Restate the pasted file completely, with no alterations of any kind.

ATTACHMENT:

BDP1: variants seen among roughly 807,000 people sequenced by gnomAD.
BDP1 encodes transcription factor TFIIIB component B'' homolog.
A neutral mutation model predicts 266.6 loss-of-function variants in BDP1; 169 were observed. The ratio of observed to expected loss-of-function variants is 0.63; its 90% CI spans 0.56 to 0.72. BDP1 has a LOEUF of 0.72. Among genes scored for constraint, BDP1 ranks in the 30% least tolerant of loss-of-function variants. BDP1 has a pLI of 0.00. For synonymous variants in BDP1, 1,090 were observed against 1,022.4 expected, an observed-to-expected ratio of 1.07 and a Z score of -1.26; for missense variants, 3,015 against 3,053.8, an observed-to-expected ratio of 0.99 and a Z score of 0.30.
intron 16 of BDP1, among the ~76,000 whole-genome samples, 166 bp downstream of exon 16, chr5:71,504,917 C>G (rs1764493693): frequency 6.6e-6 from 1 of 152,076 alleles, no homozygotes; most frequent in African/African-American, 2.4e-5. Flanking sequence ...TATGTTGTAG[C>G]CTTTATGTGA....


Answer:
BDP1: variants seen among roughly 807,000 people sequenced by gnomAD.
BDP1 encodes transcription factor TFIIIB component B'' homolog.
A neutral mutation model predicts 266.6 loss-of-function variants in BDP1; 169 were observed. The ratio of observed to expected loss-of-function variants is 0.63; its 90% CI spans 0.56 to 0.72. BDP1 has a LOEUF of 0.72. Among genes scored for constraint, BDP1 ranks in the 30% least tolerant of loss-of-function variants. BDP1 has a pLI of 0.00. For synonymous variants in BDP1, 1,090 were observed against 1,022.4 expected, an observed-to-expected ratio of 1.07 and a Z score of -1.26; for missense variants, 3,015 against 3,053.8, an observed-to-expected ratio of 0.99 and a Z score of 0.30.
intron 16 of BDP1, among the ~76,000 whole-genome samples, 166 bp downstream of exon 16, chr5:71,504,917 C>G (rs1764493693): frequency 6.6e-6 from 1 of 152,076 alleles, no homozygotes; most frequent in African/African-American, 2.4e-5. Flanking sequence ...TATGTTGTAG[C>G]CTTTATGTGA....